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Gangs fuel illegal S. Africa mollusk trade

Chase Winter
September 20, 2018

Chinese crime syndicates working with local South African gangs have caused stocks of abalone to be depleted at a record rate. Illegal trade in the marine mollusks extends across sub-Saharan Africa.

A woman holds up an abalone
Image: picture-alliance/dpa/EPA/A. Hofford

Demand for abalone in Asia is increasingly being met through illegal harvesting run by criminal gangs threatening the survival of the marine mollusk in South Africa, a report has said.

TRAFFIC, a wildlife trade monitoring network, said Wednesday that 96 million individual abalone worth nearly $900 million (€769 million) have been illegally poached off South Africa's shores in the past 17 years.

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Nearly all of the large sea snails were sent to China and Hong Kong, where they are considered a delicacy. Only around a third of abalone harvested off South Africa's coast was fished legally in line with quotas and other regulations, the report said.

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Links to gangs, drug trade

Chinese crime syndicates working with South African gangs have taken advantage of poverty and joblessness in Western Cape Province, in many cases combining the illegal abalone trade with other high-value wildlife products and drugs, the report said.

"Driven by sophisticated transnational criminal networks and local gangs, the illegal abalone trade has been fueled by deeply entrenched socioeconomic disparities in the Western Cape, bitterly contested fishing quotas, drugs and gang violence," the report said.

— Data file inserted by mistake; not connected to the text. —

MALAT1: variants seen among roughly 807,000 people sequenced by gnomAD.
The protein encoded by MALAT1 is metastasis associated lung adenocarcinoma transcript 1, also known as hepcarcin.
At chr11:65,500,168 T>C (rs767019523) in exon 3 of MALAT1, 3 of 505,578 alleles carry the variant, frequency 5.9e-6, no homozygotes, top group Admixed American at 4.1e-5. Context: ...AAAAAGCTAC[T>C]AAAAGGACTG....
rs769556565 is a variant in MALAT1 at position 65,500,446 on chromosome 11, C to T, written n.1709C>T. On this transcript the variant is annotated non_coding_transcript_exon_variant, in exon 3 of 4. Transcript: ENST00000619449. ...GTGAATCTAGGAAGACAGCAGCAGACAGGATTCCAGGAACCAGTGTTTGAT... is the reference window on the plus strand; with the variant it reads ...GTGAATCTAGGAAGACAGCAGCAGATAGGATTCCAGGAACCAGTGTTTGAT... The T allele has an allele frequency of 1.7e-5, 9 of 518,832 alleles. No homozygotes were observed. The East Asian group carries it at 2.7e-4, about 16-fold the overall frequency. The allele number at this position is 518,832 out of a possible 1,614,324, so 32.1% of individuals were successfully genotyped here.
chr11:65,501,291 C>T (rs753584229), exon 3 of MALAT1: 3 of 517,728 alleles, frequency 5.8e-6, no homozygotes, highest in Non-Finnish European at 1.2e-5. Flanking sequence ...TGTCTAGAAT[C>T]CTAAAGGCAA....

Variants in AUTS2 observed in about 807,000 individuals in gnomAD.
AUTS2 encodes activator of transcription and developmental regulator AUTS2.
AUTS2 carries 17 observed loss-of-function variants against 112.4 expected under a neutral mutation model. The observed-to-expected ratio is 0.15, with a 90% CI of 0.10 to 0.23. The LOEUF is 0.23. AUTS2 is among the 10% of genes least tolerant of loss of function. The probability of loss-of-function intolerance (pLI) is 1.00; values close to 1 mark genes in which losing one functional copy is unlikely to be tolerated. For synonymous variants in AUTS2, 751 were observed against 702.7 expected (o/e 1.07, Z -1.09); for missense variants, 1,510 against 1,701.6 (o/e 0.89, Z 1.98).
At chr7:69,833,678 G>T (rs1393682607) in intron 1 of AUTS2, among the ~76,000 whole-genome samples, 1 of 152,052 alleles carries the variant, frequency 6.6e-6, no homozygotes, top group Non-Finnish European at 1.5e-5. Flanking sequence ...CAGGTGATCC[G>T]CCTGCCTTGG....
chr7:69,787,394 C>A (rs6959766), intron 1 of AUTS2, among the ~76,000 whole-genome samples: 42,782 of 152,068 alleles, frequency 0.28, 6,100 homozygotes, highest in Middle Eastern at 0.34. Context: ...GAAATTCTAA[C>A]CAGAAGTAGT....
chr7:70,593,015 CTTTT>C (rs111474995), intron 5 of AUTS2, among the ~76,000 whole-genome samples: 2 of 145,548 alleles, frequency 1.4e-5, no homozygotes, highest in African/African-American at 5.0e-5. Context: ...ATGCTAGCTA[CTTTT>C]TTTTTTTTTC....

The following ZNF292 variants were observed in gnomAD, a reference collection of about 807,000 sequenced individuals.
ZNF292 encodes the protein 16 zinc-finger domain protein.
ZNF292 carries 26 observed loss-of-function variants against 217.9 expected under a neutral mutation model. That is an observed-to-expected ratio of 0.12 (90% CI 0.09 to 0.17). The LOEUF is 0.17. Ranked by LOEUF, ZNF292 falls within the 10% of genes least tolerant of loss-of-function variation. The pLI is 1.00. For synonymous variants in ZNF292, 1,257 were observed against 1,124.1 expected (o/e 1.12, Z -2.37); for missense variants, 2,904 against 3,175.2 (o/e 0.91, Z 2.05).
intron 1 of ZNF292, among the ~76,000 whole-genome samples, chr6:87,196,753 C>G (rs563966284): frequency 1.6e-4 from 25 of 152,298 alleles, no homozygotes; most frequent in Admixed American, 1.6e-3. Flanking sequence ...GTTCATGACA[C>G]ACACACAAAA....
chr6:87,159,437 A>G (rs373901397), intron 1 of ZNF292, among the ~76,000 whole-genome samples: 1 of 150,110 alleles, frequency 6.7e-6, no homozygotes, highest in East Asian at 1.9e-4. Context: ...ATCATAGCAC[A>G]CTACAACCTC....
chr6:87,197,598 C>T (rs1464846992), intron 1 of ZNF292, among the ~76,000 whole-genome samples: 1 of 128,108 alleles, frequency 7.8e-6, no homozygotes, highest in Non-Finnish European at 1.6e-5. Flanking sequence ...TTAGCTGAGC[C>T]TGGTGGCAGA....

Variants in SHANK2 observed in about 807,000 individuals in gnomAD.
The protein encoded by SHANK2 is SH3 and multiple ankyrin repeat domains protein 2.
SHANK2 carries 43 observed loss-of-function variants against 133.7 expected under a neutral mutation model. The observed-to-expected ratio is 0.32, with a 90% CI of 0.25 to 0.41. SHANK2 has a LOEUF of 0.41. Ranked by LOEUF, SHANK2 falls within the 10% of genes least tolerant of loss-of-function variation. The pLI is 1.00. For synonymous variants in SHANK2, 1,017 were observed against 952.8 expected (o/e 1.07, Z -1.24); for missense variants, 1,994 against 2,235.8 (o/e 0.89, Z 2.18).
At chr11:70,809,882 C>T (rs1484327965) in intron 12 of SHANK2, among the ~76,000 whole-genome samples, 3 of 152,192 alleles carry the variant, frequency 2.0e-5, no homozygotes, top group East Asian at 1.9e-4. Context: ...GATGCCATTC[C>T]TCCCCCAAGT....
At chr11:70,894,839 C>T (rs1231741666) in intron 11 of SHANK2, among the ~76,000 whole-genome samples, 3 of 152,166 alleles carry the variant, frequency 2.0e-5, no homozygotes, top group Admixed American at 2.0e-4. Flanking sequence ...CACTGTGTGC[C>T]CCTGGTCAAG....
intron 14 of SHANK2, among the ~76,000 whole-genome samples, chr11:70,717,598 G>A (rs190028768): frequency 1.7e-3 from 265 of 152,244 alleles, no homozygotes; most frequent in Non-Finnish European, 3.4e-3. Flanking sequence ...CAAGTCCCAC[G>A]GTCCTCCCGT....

"Because of the involvement of organized crime, the apparent links to gangs in Cape Town, the links between the trade in abalone and the trade in drugs, there are also some clear negative socioeconomic impacts associated with it," said Markus Burgener of TRAFFIC in a statement.

Illegal harvesting could lead to stock collapse

The illegal trade extends across sub-Saharan Africa, with 43 percent of illegally harvested abalone coming from non-abalone-producing and even landlocked countries exporting to Hong Kong, the report said.

The report warned that continued illegal abalone harvesting could lead to a collapse of stocks, causing long-term repercussions on coastal communities.

Despite risks to abalone numbers, they were removed from the CITES list of at-risk species in 2010. Abalone are important to coastal ecology because they clean water.

TRAFFIC recommended that abalone be listed in CITES appendices to better regulate international trade, especially through non-abalone-producing countries that do not regulate the trade.

It also recommended greater international cooperation due to the presence of transnational crime syndicates and local programs to address socioeconomic issues around illegal fishery.

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